Eugene Ng is a former DesignSingapore scholar. He is currently pursuing his second postgraduate degree in educational leadership and policy with Monash University. Eugene sees lifelong learning as a way to remain competent in his work and enrich his life. If he’s not catching up on his readings and assignments, he’s spending time with loved ones and close friends, or engaging in an active lifestyle with a swim or run.
1. Why did you decide to carve out a career in design?
I enjoy solving problems and coming up with new ideas. A career in design seemed the best way to use my strength in creativity to make a living. So, armed with both diploma and degree in communication & media design, I worked towards being a communications designer. After I completed a master’s in the management of cultural and creative industries sponsored by the DesignSingapore Council, my career path changed.
I was exposed to new career opportunities – those which were non design-practices, but roles which required the integration of design. My ‘design DNA’ also enabled me to be innovative and creative in my subsequent appointments in the public and higher education sectors.
2. Masters of Arts in Cultural and Creative Industries seemed like a relatively interesting course. What made you decide on the course of study?
It was an exciting time for the cultural and creative industries (CCI) globally in the early 2000s. The master’s programme at King’s College, London was the first of its kind then.
I was passionate about design, and also wanted to explore the social, cultural, economic and political aspects of this dynamic industry. I learnt to adapt and apply theoretical frameworks and management methodologies to academic research in design.
A key highlight of the programme was my internship with the London Design Festival (LDF), one of the most renowned design events in the world. It was a memorable learning journey. I picked up various management and promotional strategies, and saw the event came into fruition. I was also given the opportunity to be involved in Singapore’s inaugural showcase at the LDF, and subsequently contributed my experience to the Singapore Design Festival in the areas of strategic planning.
3. Could you share with us some of your current work and also the job experiences prior to joining the team at SMU?
When I was with the DesignSingapore Council, I was part of the team that drafted the Dsg-II Strategic Blueprint, which charts the development of the Singapore Design Industry. I also established a social enterprise that enables social change by design. Now at the Singapore Management University (SMU), I continue to advance social inclusion and accessibility through design for students with disabilities
My work at SMU involves the design and development of the university’s disability services, and I received training at the Association of Higher Education and Disability in the U.S. to prepare for this emerging area of work. Using service design thinking methods, I implemented the student-centric disability services and developed a service operation plan. I knew we needed to continue reviewing the service improvement process so I maintained my working relationship with students throughout their varsity life at SMU.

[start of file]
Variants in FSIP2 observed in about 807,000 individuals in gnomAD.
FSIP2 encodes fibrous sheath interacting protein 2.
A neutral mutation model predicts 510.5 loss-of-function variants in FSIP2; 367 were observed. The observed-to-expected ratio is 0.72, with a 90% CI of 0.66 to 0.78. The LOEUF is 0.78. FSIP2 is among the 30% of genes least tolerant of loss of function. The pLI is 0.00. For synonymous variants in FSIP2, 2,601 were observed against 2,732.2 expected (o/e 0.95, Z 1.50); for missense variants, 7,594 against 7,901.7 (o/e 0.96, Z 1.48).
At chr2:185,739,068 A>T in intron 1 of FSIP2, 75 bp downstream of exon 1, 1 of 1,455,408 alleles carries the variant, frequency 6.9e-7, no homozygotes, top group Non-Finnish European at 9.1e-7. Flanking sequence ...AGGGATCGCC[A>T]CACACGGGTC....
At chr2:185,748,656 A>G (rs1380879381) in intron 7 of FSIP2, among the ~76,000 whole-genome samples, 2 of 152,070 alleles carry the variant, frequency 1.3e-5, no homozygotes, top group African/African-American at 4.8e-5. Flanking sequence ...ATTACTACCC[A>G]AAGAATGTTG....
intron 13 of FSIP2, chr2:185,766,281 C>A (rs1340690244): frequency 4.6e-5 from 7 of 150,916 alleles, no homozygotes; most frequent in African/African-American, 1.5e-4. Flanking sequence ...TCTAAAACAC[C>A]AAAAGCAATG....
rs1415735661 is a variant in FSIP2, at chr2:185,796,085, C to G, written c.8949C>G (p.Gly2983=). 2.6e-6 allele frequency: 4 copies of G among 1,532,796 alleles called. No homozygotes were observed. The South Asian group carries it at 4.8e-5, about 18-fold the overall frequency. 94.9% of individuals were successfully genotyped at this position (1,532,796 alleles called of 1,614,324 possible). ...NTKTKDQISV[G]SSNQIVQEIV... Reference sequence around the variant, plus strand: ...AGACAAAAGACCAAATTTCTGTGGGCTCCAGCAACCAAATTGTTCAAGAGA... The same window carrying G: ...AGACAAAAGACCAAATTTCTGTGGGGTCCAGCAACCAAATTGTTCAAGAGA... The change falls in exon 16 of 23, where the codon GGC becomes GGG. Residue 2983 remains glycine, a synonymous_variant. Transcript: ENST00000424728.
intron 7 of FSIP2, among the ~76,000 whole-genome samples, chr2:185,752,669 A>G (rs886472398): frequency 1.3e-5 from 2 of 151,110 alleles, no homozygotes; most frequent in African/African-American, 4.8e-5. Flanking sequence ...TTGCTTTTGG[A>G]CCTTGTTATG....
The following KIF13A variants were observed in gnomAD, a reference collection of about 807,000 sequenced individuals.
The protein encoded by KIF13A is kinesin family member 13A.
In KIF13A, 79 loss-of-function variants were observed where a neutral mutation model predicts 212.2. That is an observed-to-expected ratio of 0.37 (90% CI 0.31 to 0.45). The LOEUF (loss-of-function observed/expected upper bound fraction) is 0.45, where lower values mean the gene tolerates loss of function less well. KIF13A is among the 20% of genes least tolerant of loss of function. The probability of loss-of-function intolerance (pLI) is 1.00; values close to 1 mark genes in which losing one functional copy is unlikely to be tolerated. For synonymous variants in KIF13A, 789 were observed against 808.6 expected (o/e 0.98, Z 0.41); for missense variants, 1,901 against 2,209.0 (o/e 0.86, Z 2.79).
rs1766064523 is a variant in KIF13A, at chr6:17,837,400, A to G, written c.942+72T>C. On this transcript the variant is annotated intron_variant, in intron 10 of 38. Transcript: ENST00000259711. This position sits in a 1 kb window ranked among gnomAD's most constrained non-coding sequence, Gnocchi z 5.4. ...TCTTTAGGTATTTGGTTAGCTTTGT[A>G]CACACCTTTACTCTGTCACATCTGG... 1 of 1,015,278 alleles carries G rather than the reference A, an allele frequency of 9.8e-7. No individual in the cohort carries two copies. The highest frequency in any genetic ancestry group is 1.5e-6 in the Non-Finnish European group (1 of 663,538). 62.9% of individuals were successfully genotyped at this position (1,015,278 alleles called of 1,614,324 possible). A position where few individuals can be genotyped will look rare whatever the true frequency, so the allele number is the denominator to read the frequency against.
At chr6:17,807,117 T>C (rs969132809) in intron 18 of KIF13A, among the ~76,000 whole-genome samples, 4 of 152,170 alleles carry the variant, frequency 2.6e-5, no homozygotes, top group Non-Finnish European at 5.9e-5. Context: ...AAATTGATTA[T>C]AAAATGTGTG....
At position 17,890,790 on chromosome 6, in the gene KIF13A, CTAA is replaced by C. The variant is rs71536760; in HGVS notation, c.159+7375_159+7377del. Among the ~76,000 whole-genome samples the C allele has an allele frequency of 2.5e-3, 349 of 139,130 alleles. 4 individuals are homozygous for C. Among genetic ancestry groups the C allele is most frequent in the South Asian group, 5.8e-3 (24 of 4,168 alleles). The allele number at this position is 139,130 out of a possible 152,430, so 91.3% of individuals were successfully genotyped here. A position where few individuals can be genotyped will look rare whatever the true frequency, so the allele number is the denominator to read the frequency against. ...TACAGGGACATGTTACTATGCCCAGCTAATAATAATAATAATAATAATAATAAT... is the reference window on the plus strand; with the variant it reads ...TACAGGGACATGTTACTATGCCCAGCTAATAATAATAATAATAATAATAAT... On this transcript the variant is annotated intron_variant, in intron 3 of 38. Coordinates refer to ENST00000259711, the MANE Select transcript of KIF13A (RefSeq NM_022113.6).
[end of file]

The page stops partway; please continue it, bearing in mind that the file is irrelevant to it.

My work also requires me to be creative in addressing the social, environmental and systemic learning barriers. The experience I developed in policy analysis and design provided me with the proficiency to be both micro and macro in my approach to address the complex and challenging areas in my work.
4. What are some of the interesting projects you have worked on? Which one inspired you the most?
I recalled a Student Assistant programme which I co-developed two years ago. Many students with disabilities were not able to undergo the complete varsity learning experience, particularly those with severe physical and sensory disabilities. I wanted to help these students receive equitable learning experience in the classroom, so I co-designed the Student Assistant training programme that included student trainings along with the disability support and learning access for educators.
I also worked with students with severe visual impairment. A number of the course materials were visual – charts, diagrams and images; some could be described through words, others like the charts and diagrams could not be easily translated. I wanted to make learning resources accessible to students with visual disability. And my background in design helped to turn the visuals into tactile format and create relief markings of the images, so that the students could feel and ‘see’ the images with their hands.
5. What are your short-term plans?
My colleague and I co-wrote a proposal for SGEnable, the Tote Board Enabling Lives Initiative Grant. This was to raise standards and capabilities of our disability services, and to better support students at our local Institutes of Higher Learning (IHLs). SMU was awarded the grant to implement this proposal for the next two years. It was an exciting project, the first of its kind to research and address the disability services in IHLs in Singapore.
For this project, we will develop a set of guidelines for disability services in local IHLs, to improve the learning access and inclusion standards in higher education. We are also working on developing the competencies of these disability services officers to better address the learning needs of students with disabilities.
With this, my colleagues and I also have plans to research on Universal Design for Learning (UDL). This is an inclusive educational framework and instructional design strategy and will guide the learning development regardless of abilities. We hope to promote the use of UDL in local IHLs, so that students with disabilities can have better access to learning and student life.